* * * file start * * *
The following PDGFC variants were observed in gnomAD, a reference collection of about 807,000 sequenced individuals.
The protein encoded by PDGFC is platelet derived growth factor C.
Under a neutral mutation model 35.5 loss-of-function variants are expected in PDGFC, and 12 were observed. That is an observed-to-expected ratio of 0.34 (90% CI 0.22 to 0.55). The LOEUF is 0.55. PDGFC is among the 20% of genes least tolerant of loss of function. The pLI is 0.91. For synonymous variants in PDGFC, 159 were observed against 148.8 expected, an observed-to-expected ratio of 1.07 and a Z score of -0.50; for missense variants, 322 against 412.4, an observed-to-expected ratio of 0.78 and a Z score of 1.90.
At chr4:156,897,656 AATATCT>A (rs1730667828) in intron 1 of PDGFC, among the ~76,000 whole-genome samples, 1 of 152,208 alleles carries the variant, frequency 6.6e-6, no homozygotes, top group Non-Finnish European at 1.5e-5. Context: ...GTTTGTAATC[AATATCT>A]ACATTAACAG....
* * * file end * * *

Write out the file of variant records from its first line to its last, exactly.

The following PDGFC variants were observed in gnomAD, a reference collection of about 807,000 sequenced individuals.
The protein encoded by PDGFC is platelet derived growth factor C.
Under a neutral mutation model 35.5 loss-of-function variants are expected in PDGFC, and 12 were observed. That is an observed-to-expected ratio of 0.34 (90% CI 0.22 to 0.55). The LOEUF is 0.55. PDGFC is among the 20% of genes least tolerant of loss of function. The pLI is 0.91. For synonymous variants in PDGFC, 159 were observed against 148.8 expected, an observed-to-expected ratio of 1.07 and a Z score of -0.50; for missense variants, 322 against 412.4, an observed-to-expected ratio of 0.78 and a Z score of 1.90.
At chr4:156,897,656 AATATCT>A (rs1730667828) in intron 1 of PDGFC, among the ~76,000 whole-genome samples, 1 of 152,208 alleles carries the variant, frequency 6.6e-6, no homozygotes, top group Non-Finnish European at 1.5e-5. Context: ...GTTTGTAATC[AATATCT>A]ACATTAACAG....